Global digital identity specialist, GBG is warning that fraud in the UK is rapidly becoming industrialised, with 40% of businesses reporting known or suspected fraud attempts in the last 12 months. Globally, almost half (49%) of the businesses that reported fraud attempts say it has increased in the last year.
At the same time, over two thirds (63%) of smartphone owners are worried that their personal information (such as name, and/or bank account number) is available for sale to criminals on the internet, and almost nine in 10 smartphone owners (88%) are concerned that they may become a victim of fraud in the future. Over half (53%) agree they are more concerned about being a victim due to the cost-of-living crisis.
Of those who had been victims of fraud, under half (47%) reported the fraud, with more than a quarter (26%) actually closing their account. 23% demanded compensation and only 3% of victims didn’t take action following their fraud experience.
Over eight in 10 (82%) respondents agree it is the responsibility of the business they transact with to protect their personal information but over half (54%) of people think that signing up for new accounts on their smartphones is only ‘somewhat secure’ with 11% believing it isn’t secure at all.
More than nine in 10 (95%) of those surveyed believe the use of biometrics (fingerprints, facial recognition, or voice recognition) is the most secure method of improving the security of online accounts. Despite this huge vote of confidence, only 28% of UK businesses currently use biometric checks compared to 58% of their US counterparts.
Gus Tomlinson, Chief Product Officer Identity and Fraud at GBG, said “The UK is witnessing a rapid industrialisation of fraud and far too many individuals and businesses are having to deal with the absolutely devastating impact of unscrupulous fraudsters exploiting any vulnerability they find.”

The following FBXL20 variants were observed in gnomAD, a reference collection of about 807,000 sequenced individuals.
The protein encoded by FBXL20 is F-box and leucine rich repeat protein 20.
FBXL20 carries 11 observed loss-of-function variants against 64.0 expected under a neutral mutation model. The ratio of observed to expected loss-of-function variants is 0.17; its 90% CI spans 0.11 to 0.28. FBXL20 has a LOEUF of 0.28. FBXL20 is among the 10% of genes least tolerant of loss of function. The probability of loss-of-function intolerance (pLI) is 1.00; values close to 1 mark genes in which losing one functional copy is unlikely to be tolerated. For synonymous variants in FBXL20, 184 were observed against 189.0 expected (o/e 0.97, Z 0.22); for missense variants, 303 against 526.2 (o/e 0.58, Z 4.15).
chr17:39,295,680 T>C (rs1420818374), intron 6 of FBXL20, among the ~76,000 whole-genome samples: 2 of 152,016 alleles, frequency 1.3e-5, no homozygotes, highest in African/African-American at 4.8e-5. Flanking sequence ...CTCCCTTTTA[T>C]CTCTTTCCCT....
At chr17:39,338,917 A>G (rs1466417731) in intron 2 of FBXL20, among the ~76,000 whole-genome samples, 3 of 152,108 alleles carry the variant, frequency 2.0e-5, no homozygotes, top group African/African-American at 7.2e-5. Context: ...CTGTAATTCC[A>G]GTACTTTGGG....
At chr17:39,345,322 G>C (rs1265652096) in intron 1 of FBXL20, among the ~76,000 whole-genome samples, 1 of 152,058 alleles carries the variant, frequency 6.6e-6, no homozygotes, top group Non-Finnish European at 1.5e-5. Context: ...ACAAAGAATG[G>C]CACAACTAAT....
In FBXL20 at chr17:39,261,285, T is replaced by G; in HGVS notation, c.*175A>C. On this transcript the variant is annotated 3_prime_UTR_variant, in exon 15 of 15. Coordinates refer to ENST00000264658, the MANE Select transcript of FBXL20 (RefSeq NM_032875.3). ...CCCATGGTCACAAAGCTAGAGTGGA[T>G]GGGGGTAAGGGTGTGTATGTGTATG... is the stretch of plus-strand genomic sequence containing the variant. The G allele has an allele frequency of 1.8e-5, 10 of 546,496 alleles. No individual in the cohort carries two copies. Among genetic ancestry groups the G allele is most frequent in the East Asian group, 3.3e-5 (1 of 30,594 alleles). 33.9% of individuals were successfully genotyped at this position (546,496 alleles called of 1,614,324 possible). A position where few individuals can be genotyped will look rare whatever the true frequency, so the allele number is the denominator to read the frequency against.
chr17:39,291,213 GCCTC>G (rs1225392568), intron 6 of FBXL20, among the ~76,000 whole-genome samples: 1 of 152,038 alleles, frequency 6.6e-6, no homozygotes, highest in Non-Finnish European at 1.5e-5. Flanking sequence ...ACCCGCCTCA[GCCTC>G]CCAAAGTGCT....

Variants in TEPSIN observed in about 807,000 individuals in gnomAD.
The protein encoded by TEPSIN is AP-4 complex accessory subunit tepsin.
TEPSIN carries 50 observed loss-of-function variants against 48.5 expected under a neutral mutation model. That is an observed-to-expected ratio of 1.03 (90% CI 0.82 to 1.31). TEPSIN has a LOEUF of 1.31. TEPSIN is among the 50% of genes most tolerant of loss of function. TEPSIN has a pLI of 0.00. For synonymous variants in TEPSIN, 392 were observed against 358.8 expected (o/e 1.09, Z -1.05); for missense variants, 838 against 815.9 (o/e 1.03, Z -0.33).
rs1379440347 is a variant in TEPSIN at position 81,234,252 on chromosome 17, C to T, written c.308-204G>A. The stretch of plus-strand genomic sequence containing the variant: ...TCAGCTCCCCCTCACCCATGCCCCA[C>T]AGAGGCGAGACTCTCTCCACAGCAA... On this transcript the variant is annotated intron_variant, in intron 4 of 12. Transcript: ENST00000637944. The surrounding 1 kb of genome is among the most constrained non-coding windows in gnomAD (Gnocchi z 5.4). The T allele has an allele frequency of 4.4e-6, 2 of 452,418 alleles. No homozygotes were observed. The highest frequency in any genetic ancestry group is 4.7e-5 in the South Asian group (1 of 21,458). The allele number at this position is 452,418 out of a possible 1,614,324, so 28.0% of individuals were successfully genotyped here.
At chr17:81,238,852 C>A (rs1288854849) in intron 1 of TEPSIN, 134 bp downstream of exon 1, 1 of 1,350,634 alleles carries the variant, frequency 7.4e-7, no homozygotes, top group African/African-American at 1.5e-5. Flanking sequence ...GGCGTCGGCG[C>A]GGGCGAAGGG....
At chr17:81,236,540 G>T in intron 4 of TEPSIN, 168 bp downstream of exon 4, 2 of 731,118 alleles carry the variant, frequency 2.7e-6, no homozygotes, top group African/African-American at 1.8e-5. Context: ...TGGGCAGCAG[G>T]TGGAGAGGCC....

“As a result, we are seeing that there is a growing level of comfort in biometrics because this is now highly visible technology. People can already see biometrics working all around them as part of the fight against the rising levels of scams and fraud. Biometric technology cannot defeat fraudsters on its own – it needs to be layered with other visible and non-visible fraud defences – but what we are able to achieve with biometric technology in the mix is hugely reassuring.”
According to almost a quarter (24%) of UK businesses, synthetic fraud is considered to pose the biggest fraud risk to their business over the next three years. Synthetic fraud is a fast-growing fraud in which a fraudster combines real (usually stolen) identity information with fake information to create a new identity to illicitly obtain goods and services by posing as genuine customers.
Tomlinson concludes “Increasingly customers are looking for evidence that their identities are protected and that measures are being taken to prevent fraud. Greater numbers of customers are favouring security over speed when they open new accounts and there is much that businesses can do to build trust and make use of identity verification to protect themselves and their business – even using it as a competitive advantage.”